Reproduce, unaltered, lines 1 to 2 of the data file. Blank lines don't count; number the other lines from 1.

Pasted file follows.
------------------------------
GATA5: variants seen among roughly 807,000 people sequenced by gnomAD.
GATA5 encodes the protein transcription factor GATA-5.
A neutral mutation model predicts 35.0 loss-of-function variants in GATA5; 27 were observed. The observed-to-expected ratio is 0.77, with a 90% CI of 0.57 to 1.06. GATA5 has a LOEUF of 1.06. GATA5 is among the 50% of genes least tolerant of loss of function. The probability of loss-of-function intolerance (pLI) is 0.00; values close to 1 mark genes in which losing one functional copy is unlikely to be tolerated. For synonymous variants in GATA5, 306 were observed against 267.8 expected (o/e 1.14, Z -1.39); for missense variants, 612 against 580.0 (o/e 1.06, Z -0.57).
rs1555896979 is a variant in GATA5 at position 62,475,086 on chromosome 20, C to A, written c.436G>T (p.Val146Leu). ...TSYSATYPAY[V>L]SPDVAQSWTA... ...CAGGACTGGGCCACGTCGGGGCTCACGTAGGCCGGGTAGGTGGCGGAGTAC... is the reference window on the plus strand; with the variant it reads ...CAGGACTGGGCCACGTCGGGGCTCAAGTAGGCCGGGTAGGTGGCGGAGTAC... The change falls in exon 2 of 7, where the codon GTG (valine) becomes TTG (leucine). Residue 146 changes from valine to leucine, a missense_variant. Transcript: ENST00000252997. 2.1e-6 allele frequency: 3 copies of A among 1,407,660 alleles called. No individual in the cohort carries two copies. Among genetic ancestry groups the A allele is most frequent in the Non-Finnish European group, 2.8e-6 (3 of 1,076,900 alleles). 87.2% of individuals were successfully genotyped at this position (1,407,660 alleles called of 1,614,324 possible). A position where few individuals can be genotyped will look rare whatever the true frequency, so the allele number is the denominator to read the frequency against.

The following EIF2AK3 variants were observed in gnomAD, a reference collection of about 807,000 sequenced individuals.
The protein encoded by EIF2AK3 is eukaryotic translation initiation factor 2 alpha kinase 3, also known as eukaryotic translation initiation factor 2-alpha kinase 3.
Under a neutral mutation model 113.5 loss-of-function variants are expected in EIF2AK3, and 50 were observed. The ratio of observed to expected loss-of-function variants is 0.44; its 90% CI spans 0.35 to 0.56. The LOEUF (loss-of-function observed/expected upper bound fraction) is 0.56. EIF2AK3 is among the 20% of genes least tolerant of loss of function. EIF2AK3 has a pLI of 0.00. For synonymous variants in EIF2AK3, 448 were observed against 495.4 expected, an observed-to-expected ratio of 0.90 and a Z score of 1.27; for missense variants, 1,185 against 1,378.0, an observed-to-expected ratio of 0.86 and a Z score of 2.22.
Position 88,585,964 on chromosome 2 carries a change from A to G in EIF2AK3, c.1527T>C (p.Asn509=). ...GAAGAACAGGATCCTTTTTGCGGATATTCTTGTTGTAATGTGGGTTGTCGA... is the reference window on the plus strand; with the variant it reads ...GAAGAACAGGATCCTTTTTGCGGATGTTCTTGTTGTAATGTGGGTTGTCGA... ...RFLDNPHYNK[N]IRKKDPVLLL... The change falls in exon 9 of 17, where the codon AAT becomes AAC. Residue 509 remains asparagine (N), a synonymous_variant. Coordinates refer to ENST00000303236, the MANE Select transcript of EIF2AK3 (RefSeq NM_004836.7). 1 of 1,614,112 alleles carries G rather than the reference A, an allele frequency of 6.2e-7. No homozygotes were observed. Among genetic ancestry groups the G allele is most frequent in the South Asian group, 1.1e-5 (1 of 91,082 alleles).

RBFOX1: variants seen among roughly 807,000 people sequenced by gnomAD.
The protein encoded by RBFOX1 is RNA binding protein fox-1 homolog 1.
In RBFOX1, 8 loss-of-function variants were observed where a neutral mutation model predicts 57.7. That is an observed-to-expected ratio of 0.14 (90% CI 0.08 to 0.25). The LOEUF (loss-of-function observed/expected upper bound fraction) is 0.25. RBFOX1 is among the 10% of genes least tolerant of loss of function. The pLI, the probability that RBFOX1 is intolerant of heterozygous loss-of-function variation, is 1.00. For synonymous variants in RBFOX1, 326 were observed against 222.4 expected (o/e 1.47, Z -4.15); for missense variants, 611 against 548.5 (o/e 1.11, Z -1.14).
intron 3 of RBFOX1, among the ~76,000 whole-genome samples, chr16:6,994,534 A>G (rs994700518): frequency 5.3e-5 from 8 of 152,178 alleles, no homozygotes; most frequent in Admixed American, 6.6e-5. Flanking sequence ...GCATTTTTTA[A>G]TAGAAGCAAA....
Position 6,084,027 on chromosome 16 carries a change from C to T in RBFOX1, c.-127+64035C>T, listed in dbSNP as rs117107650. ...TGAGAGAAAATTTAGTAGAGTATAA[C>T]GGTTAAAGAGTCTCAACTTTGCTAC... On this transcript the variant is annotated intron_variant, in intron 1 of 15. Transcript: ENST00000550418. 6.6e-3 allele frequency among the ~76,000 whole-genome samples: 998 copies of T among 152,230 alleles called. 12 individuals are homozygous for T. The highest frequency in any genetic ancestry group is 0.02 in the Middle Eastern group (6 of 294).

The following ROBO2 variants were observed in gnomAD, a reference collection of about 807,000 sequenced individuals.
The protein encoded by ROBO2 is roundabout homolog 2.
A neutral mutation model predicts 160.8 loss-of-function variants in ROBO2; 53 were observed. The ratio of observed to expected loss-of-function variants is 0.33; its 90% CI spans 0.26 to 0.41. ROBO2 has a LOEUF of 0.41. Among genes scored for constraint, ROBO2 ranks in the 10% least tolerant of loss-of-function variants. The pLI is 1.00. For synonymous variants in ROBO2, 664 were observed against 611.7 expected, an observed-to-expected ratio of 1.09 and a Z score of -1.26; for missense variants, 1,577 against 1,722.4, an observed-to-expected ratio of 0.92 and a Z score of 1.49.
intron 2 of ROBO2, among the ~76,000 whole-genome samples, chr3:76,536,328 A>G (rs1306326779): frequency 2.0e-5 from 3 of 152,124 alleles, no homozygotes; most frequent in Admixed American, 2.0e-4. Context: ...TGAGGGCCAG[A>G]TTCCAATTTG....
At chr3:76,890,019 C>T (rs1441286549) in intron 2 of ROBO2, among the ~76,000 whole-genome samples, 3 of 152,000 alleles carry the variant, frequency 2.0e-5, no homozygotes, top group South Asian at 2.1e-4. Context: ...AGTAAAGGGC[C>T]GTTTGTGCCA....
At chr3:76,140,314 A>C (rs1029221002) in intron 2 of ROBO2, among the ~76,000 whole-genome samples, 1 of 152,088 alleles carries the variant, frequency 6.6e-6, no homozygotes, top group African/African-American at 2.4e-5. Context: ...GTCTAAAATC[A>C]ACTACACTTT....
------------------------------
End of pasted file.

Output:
GATA5: variants seen among roughly 807,000 people sequenced by gnomAD.
GATA5 encodes the protein transcription factor GATA-5.